This Pad Thai with Shrimp and Tofu gives you all the flavors and taste of the authentic Pad Thai, in the comfort of your home. Who needs takeout when you can do this in less than 30 minutes!
Place noodles in a large bowl. Add enough cold water to cover them and let them rest for 1 hour or until noodles are pliable but not soft. Drain well in a colander. They will change color from translucent to white.
In a small bowl whisk all the sauce ingredients together and set aside.
In a bowl combine the shallots, garlic, dried shrimp, radishes, tofu and Sriracha.
In another bowl combine the bean sprouts, chives, and 1/4 cup of the peanuts.
In a medium skillet heat 1 tbsp of peanut oil over high heat. Add the shrimp and cook and stir about 1 to 2 minutes or until shrimp turns pink and starts to slightly char. Transfer to a bowl.
Add the rest of the oil to the skillet or wok. Add the tofu mixture to the skillet and saute for about minute. Add the noodles and sauce to the wok and toss everything. There is water in the sauce so the noodles will cook and absorb the liquid. Move the noodles to the side of the wok and add the egg and break the yolks. Add a bit more oil if necessary before adding the eggs. Let them cook for 30 seconds then scramble them. Toss everything together.
Add the bean sprouts and chives mixture to the skillet and toss everything. Turn off the heat.
To serve divide noodles mixture among 2 or 4 plates, depending on the size of the meal you want. Top with shrimp then sprinkle each serving with bean sprouts, extra chives, peanuts and lime wedges.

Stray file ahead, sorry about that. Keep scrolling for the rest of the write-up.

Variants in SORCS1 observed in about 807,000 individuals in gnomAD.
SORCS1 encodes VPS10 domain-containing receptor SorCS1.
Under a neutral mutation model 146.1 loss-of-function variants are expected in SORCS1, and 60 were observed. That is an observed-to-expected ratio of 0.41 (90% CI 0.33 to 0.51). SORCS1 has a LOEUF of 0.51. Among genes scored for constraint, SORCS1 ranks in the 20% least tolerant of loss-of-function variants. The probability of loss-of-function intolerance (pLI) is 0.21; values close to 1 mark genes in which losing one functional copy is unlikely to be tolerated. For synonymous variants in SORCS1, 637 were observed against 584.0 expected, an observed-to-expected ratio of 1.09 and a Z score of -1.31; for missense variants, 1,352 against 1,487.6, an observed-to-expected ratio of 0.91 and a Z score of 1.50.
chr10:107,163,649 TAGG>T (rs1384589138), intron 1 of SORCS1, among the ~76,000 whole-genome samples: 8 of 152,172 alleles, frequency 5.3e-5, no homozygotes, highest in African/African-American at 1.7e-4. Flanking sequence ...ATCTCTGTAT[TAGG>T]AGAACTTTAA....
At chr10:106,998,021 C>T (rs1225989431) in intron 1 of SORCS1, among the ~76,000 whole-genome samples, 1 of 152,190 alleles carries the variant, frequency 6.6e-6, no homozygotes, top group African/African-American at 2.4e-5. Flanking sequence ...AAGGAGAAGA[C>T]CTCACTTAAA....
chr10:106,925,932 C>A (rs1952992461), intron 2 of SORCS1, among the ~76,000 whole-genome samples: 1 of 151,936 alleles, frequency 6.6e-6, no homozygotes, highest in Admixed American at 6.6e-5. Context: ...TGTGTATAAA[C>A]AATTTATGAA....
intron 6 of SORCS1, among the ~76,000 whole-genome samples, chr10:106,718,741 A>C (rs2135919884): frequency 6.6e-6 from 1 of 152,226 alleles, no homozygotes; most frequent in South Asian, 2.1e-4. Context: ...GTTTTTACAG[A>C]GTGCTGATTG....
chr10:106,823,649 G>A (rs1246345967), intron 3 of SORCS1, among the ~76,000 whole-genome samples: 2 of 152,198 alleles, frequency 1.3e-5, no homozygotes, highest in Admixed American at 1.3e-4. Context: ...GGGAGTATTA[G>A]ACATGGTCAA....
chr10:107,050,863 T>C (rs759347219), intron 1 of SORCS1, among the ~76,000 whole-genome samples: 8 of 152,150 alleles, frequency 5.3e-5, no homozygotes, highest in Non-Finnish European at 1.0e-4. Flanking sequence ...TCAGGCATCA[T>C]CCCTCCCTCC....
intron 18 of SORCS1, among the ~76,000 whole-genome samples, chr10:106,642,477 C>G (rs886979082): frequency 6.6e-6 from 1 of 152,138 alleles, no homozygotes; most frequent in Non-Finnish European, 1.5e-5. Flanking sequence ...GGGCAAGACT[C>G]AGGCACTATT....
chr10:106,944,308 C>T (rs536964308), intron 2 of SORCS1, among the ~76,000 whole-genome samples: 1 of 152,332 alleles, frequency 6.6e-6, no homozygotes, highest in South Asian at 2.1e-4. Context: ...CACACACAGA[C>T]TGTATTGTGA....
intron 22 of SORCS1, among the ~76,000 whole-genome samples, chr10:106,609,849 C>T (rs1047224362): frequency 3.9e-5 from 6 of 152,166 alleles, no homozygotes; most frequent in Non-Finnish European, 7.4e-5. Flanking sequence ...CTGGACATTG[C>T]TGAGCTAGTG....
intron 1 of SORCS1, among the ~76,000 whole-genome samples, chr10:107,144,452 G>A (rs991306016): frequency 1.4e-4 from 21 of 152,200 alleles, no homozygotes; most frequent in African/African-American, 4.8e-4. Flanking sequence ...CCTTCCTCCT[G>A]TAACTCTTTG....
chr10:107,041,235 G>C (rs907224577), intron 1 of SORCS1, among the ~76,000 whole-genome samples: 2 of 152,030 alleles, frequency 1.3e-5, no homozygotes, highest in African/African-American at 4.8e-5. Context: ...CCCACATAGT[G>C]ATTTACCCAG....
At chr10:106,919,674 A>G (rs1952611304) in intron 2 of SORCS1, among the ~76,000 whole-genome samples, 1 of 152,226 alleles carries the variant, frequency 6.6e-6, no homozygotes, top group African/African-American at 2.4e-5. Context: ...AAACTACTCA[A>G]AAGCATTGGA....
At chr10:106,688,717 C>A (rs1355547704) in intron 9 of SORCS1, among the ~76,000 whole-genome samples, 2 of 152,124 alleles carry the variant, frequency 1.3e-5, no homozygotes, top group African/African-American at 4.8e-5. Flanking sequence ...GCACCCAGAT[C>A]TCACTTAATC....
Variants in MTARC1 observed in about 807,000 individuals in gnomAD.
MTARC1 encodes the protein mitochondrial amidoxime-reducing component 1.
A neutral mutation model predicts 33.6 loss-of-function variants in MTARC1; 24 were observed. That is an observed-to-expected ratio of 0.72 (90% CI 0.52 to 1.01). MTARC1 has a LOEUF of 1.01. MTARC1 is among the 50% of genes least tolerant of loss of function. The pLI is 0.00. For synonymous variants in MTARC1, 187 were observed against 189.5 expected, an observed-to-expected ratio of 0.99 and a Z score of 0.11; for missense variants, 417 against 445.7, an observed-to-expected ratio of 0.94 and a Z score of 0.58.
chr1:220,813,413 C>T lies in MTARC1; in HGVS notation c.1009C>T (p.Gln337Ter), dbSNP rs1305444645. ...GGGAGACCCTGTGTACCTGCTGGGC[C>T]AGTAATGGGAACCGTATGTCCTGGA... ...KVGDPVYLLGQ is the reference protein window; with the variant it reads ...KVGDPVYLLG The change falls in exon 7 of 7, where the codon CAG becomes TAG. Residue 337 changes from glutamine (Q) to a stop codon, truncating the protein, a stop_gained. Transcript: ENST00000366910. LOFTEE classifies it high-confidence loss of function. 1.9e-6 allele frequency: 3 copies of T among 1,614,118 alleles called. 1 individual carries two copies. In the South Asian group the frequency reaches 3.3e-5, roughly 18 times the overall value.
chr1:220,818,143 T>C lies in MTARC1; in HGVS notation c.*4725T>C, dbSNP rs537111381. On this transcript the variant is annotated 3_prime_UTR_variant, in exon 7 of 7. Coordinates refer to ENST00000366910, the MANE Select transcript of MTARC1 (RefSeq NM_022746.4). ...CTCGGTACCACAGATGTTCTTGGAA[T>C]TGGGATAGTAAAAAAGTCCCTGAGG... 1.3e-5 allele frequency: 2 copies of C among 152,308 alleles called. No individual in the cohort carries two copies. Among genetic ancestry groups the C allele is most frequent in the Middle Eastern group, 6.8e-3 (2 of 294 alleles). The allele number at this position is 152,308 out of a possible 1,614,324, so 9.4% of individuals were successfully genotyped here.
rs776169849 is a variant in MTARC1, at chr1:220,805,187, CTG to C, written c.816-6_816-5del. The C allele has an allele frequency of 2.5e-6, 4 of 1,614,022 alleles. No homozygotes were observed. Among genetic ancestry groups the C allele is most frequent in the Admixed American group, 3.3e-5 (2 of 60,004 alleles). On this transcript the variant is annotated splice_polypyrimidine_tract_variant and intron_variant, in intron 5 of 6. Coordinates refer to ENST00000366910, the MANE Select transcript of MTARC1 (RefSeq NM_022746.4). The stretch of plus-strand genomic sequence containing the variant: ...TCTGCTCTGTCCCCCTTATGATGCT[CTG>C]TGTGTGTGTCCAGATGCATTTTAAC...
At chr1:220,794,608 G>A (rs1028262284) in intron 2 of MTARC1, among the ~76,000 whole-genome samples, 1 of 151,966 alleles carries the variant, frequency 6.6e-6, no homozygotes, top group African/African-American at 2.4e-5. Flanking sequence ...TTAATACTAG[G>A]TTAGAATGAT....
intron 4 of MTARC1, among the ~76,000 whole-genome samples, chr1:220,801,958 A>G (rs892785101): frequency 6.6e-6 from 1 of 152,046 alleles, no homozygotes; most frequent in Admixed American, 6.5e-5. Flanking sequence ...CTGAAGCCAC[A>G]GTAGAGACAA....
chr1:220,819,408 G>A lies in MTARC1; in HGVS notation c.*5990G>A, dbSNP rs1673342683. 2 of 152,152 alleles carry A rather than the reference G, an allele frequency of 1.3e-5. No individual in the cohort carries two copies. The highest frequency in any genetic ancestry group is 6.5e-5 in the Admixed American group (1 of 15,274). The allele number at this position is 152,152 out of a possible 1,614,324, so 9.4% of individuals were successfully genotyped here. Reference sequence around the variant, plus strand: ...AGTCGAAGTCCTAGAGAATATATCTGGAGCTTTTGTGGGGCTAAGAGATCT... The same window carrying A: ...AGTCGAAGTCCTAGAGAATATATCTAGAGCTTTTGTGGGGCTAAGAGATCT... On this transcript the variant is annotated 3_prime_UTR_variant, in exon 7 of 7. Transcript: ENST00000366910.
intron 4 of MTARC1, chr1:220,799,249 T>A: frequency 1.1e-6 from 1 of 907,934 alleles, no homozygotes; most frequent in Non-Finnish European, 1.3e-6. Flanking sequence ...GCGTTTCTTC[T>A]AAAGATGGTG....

Tamarind paste is a common ingredient used throughout the world. The paste is prepared from tamarind, which is a sticky sour tasting fruit that grows on bean-like pods on tamarind trees. Tamarind paste is both sweet and sour so I would substitute it with equal amounts of lime juice and brown sugar.
Chinese chives (or garlic chives) look like regular chives but much bigger and leafier. They could be considered more vegetable rather than garnish. They are garlicky in flavor, juice and crisp in texture. Look for these chives in Asian markets. They can be substituted with regular chives or scallions.
Dried shrimp are shrimp that have been sun-dried and shrunk to a small size. They are used in a lot of Asian dishes and give a unique umami taste. They can be found in Asian markets. Shrimp pastes can be substituted for dried shrimp.
Please keep in mind that nutritional information is a rough estimate and can vary greatly based on products used.